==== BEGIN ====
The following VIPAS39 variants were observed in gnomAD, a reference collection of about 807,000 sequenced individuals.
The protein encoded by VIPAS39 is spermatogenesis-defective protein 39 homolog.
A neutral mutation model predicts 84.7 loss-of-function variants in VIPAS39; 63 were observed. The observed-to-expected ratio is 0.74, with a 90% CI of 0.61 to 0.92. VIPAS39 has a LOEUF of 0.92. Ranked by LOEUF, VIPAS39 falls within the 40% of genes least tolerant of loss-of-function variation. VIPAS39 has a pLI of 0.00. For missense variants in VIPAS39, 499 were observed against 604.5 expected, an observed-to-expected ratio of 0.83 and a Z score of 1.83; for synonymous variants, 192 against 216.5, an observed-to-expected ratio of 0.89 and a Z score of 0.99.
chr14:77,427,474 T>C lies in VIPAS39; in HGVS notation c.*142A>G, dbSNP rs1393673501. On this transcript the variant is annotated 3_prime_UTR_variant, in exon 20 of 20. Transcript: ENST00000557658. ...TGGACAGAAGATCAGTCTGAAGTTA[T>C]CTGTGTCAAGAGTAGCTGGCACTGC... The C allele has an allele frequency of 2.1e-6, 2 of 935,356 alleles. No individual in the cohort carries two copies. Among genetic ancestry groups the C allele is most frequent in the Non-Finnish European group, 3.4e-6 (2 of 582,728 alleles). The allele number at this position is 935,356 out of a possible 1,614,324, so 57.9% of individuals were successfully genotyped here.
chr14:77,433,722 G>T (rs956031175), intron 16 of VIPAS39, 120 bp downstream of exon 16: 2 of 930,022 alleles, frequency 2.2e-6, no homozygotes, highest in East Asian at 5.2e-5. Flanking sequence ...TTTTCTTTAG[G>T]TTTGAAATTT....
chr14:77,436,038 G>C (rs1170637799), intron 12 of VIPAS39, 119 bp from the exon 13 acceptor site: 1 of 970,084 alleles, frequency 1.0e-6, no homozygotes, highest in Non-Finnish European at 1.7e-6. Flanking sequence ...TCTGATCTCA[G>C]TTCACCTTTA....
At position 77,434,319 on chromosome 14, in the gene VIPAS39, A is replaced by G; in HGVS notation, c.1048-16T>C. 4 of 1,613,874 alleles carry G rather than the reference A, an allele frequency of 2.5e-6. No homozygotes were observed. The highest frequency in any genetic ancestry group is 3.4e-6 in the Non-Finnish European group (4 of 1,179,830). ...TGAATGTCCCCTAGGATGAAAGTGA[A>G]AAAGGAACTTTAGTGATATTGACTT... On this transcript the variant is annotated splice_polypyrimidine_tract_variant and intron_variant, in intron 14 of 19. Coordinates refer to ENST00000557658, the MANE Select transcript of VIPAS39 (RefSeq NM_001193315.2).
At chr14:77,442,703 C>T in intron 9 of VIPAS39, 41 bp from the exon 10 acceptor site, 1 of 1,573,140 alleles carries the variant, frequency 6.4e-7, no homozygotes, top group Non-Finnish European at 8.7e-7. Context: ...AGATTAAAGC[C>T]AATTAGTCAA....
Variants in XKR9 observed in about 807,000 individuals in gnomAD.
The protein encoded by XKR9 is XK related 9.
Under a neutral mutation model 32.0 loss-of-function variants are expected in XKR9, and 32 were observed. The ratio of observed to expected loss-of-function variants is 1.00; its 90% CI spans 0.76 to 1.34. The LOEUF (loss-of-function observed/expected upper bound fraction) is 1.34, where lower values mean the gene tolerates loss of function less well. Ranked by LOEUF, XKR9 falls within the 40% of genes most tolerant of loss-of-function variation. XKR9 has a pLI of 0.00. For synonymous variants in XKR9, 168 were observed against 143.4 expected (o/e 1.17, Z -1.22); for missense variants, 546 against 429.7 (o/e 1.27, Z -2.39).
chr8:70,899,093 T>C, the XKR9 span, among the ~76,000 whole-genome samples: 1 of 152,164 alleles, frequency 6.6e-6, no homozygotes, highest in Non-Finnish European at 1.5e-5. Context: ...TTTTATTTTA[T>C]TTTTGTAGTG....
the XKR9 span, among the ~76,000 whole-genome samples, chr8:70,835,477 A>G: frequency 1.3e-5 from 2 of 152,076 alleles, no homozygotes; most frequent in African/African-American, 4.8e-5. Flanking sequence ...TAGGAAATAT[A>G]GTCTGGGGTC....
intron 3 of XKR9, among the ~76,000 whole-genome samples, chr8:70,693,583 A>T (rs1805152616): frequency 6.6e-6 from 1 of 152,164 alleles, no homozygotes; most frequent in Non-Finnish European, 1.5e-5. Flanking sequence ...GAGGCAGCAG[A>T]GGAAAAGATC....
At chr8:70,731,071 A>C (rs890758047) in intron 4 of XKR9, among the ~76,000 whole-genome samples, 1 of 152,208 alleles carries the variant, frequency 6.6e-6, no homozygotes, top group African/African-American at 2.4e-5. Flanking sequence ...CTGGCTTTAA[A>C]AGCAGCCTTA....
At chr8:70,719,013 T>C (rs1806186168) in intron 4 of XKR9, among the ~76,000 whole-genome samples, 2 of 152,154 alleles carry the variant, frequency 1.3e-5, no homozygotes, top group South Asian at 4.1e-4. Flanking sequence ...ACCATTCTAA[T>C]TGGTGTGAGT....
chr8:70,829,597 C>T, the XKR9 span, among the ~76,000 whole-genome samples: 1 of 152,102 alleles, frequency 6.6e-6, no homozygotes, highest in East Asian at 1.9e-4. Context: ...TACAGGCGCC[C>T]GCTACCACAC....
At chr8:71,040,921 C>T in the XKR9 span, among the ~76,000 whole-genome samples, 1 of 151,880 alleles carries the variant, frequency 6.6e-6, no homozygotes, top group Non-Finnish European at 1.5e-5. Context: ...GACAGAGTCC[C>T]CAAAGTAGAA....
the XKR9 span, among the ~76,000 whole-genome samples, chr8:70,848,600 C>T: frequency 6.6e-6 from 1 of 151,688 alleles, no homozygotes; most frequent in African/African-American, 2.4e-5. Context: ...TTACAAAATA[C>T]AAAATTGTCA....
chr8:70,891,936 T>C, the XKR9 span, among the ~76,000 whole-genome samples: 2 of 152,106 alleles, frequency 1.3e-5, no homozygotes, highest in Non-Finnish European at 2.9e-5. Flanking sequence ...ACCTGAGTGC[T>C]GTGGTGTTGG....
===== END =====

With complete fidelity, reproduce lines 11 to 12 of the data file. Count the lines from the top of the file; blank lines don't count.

Under a neutral mutation model 32.0 loss-of-function variants are expected in XKR9, and 32 were observed. The ratio of observed to expected loss-of-function variants is 1.00; its 90% CI spans 0.76 to 1.34. The LOEUF (loss-of-function observed/expected upper bound fraction) is 1.34, where lower values mean the gene tolerates loss of function less well. Ranked by LOEUF, XKR9 falls within the 40% of genes most tolerant of loss-of-function variation. XKR9 has a pLI of 0.00. For synonymous variants in XKR9, 168 were observed against 143.4 expected (o/e 1.17, Z -1.22); for missense variants, 546 against 429.7 (o/e 1.27, Z -2.39).
chr8:70,899,093 T>C, the XKR9 span, among the ~76,000 whole-genome samples: 1 of 152,164 alleles, frequency 6.6e-6, no homozygotes, highest in Non-Finnish European at 1.5e-5. Context: ...TTTTATTTTA[T>C]TTTTGTAGTG....